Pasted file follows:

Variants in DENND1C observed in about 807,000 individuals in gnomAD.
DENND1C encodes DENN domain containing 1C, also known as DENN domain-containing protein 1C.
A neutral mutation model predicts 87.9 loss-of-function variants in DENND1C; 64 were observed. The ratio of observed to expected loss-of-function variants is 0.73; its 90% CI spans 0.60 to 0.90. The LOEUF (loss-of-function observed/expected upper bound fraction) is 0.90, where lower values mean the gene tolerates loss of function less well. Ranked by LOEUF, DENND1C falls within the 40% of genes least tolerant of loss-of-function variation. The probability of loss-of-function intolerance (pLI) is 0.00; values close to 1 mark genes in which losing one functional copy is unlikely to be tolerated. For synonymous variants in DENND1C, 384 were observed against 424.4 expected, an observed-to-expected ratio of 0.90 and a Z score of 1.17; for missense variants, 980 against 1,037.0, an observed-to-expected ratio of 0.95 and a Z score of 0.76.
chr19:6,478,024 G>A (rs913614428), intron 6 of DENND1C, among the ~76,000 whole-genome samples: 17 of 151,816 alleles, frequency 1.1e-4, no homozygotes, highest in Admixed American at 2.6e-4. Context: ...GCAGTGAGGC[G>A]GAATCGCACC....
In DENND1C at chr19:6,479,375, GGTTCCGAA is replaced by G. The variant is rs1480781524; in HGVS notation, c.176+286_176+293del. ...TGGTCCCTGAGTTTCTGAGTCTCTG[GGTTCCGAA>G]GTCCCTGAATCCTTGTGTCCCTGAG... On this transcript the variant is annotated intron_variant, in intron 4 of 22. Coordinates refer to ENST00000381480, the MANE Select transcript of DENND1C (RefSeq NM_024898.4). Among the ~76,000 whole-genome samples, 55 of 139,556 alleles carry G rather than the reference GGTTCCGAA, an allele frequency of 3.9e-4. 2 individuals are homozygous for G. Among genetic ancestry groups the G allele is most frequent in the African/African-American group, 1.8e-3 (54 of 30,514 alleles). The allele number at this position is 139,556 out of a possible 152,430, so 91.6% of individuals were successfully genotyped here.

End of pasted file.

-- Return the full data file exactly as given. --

Variants in DENND1C observed in about 807,000 individuals in gnomAD.
DENND1C encodes DENN domain containing 1C, also known as DENN domain-containing protein 1C.
A neutral mutation model predicts 87.9 loss-of-function variants in DENND1C; 64 were observed. The ratio of observed to expected loss-of-function variants is 0.73; its 90% CI spans 0.60 to 0.90. The LOEUF (loss-of-function observed/expected upper bound fraction) is 0.90, where lower values mean the gene tolerates loss of function less well. Ranked by LOEUF, DENND1C falls within the 40% of genes least tolerant of loss-of-function variation. The probability of loss-of-function intolerance (pLI) is 0.00; values close to 1 mark genes in which losing one functional copy is unlikely to be tolerated. For synonymous variants in DENND1C, 384 were observed against 424.4 expected, an observed-to-expected ratio of 0.90 and a Z score of 1.17; for missense variants, 980 against 1,037.0, an observed-to-expected ratio of 0.95 and a Z score of 0.76.
chr19:6,478,024 G>A (rs913614428), intron 6 of DENND1C, among the ~76,000 whole-genome samples: 17 of 151,816 alleles, frequency 1.1e-4, no homozygotes, highest in Admixed American at 2.6e-4. Context: ...GCAGTGAGGC[G>A]GAATCGCACC....
In DENND1C at chr19:6,479,375, GGTTCCGAA is replaced by G. The variant is rs1480781524; in HGVS notation, c.176+286_176+293del. ...TGGTCCCTGAGTTTCTGAGTCTCTG[GGTTCCGAA>G]GTCCCTGAATCCTTGTGTCCCTGAG... On this transcript the variant is annotated intron_variant, in intron 4 of 22. Coordinates refer to ENST00000381480, the MANE Select transcript of DENND1C (RefSeq NM_024898.4). Among the ~76,000 whole-genome samples, 55 of 139,556 alleles carry G rather than the reference GGTTCCGAA, an allele frequency of 3.9e-4. 2 individuals are homozygous for G. Among genetic ancestry groups the G allele is most frequent in the African/African-American group, 1.8e-3 (54 of 30,514 alleles). The allele number at this position is 139,556 out of a possible 152,430, so 91.6% of individuals were successfully genotyped here.